Cell phones have transitioned from accessory to necessity for the portion of the population who rely on the mobile devices as their primary phone connection. In-Stat/MDR reports that a significant number of U.S. consumers have cut the cord on their landline phone, and the percentage is expected to more than double by 2008 to nearly 30 percent.
Not only have 14.4 percent cut the cord completely, another 26.4 percent would consider replacing their landline with a wireless phone if they were enticed by better prices, improved network coverage, better quality service, and enhanced mobile functionality. Additionally, the FCC's Wireless Local Number Portability (WLNP) mandate allows customers the flexibility to cut the cord without inconvenience, further spurring the switches.
Clint Wheelock, the director of wireless research for In-Stat/MDR, notes that the wireless providers are trying to balance the trend. The wireline/wireless combo companies, such as Verizon and now Cingular, are interested in the growing number of customers who are considering cutting the cord, but they are prioritizing. "Verizon wireless is the growth engine of voice, and they are likely to look at the [wireline] future from a broadband perspective," Wheelock remarked.
T-Mobile and Nextel, companies without a wireline component, are more likely to be aggressive toward driving substitution, using bundling with other types of services as an incentive.
In-Stat/MDR found that those most likely to discontinue wired phone service are 18 to 24 years old, single, residing in an urban area, subscribers to Sprint and T-Mobile, and are mobile data users.
Meanwhile, Insight Research noticed a trend in residential long distance usage, finding that as the wireless minutes increased, the wireline minutes decreased. Consumers are buying bundles of wireless minutes where long distance costs are hidden, allowing for substitution. Also, free night and weekend wireless calling drives consumers to the phones too.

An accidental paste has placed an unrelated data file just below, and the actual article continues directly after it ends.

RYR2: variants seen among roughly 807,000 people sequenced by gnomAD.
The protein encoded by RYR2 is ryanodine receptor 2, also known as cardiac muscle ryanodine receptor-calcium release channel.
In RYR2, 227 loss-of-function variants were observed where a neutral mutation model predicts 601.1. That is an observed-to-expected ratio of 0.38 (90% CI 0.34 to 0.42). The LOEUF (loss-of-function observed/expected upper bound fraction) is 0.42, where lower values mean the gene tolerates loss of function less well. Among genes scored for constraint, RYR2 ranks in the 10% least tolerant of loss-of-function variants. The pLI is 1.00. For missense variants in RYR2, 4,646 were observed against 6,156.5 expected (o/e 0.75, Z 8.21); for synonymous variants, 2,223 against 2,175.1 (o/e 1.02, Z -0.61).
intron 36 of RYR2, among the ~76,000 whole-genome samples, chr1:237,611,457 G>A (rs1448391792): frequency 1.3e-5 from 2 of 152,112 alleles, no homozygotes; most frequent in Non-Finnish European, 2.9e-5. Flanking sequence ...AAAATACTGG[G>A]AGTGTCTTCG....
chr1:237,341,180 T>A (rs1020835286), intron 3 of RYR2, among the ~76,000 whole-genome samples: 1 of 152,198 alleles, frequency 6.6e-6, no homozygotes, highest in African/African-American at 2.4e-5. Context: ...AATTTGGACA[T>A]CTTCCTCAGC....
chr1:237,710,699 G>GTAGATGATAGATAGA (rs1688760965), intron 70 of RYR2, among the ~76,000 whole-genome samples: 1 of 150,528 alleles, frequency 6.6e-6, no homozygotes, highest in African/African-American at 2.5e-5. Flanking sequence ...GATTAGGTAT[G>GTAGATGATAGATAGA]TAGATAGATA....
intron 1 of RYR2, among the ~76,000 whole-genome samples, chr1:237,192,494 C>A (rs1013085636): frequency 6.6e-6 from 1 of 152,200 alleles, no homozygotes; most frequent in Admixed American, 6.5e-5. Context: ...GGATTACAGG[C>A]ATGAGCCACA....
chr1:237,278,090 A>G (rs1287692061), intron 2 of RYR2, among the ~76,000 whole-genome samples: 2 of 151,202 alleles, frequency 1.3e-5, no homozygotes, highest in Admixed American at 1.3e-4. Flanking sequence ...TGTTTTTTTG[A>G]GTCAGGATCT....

|Residential Use of Long Distance, |
Average Minutes per Month
|Wireless||4 minutes||34 minutes|
|Wireline||97 minutes||52 minutes|
|Source: Insight Research|
Robert Rosenberg, president, Insight Research, noted that the biggest increase was seen from 1999 to 2000 during the economic boom when consumers had more discretionary income. "By 2001, there was increased competition among wireless providers and the industry started cutting prices significantly." Rosenberg continued, "This was in the midst of a declining pocketbook among consumers."
While it may seem like there will be an eventual migration from wired to wireless, Rosenberg says that there isn't likely to be a substitute for the performance of a wireline phone. "Wired phone reliability can not be duplicated by any reasonable economic method," said Rosenberg. Making a wireless network as reliable would be cost prohibitive.
Like Wheelock, Rosenberg sees wired phones eventually acting as broadband access points, where residential consumers might place greater emphasis on data reliability than voice communications.
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